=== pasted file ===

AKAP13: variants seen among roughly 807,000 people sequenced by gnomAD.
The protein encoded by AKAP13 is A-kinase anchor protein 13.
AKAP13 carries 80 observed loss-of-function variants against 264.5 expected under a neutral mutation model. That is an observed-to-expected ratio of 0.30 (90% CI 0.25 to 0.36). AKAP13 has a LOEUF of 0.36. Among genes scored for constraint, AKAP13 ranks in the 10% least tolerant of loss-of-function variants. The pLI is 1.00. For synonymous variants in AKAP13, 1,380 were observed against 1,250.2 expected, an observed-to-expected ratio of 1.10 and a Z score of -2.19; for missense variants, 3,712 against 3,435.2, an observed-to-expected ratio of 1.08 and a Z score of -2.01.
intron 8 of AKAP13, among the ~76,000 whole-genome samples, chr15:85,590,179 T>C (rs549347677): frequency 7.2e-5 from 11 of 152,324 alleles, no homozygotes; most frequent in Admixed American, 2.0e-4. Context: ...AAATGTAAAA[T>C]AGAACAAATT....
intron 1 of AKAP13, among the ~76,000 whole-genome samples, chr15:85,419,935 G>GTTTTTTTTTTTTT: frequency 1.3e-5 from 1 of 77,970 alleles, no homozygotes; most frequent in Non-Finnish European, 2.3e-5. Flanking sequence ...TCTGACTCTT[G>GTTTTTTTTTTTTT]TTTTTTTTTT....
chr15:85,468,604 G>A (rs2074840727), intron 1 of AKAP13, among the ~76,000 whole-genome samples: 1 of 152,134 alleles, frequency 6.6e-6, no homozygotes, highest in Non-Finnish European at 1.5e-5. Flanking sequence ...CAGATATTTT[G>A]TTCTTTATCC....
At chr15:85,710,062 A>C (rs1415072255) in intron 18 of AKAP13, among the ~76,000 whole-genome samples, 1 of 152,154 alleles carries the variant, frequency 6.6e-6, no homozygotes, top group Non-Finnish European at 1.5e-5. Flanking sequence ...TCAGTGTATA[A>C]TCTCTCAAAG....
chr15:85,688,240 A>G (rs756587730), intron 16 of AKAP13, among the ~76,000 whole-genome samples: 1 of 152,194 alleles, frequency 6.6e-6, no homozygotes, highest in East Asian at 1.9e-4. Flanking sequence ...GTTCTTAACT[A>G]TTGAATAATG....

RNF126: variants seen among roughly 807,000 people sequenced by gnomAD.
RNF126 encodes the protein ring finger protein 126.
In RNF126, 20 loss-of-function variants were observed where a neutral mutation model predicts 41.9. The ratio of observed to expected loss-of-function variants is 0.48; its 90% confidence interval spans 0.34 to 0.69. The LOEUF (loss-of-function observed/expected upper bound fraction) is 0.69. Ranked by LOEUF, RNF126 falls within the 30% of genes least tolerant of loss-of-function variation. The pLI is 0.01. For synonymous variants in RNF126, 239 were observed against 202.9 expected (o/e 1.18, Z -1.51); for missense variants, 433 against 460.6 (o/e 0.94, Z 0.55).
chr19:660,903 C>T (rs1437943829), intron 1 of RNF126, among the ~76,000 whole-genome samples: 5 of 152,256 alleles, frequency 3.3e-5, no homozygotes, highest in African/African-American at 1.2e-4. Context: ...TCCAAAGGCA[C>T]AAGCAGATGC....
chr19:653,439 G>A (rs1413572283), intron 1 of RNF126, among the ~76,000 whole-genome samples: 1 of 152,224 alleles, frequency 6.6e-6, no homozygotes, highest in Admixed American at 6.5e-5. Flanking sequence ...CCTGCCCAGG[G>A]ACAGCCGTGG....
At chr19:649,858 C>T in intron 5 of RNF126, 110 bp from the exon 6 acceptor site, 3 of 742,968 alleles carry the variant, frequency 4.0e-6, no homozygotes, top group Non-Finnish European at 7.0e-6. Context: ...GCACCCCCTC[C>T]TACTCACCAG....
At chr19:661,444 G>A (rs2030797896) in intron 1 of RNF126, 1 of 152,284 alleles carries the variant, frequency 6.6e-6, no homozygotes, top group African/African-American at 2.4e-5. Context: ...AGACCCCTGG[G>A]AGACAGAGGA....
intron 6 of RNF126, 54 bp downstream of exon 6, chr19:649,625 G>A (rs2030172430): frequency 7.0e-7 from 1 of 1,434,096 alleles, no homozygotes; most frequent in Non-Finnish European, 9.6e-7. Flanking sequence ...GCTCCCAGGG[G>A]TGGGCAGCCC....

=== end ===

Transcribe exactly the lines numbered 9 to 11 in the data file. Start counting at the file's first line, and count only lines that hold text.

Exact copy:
RNF126: variants seen among roughly 807,000 people sequenced by gnomAD.
RNF126 encodes the protein ring finger protein 126.
In RNF126, 20 loss-of-function variants were observed where a neutral mutation model predicts 41.9. The ratio of observed to expected loss-of-function variants is 0.48; its 90% confidence interval spans 0.34 to 0.69. The LOEUF (loss-of-function observed/expected upper bound fraction) is 0.69. Ranked by LOEUF, RNF126 falls within the 30% of genes least tolerant of loss-of-function variation. The pLI is 0.01. For synonymous variants in RNF126, 239 were observed against 202.9 expected (o/e 1.18, Z -1.51); for missense variants, 433 against 460.6 (o/e 0.94, Z 0.55).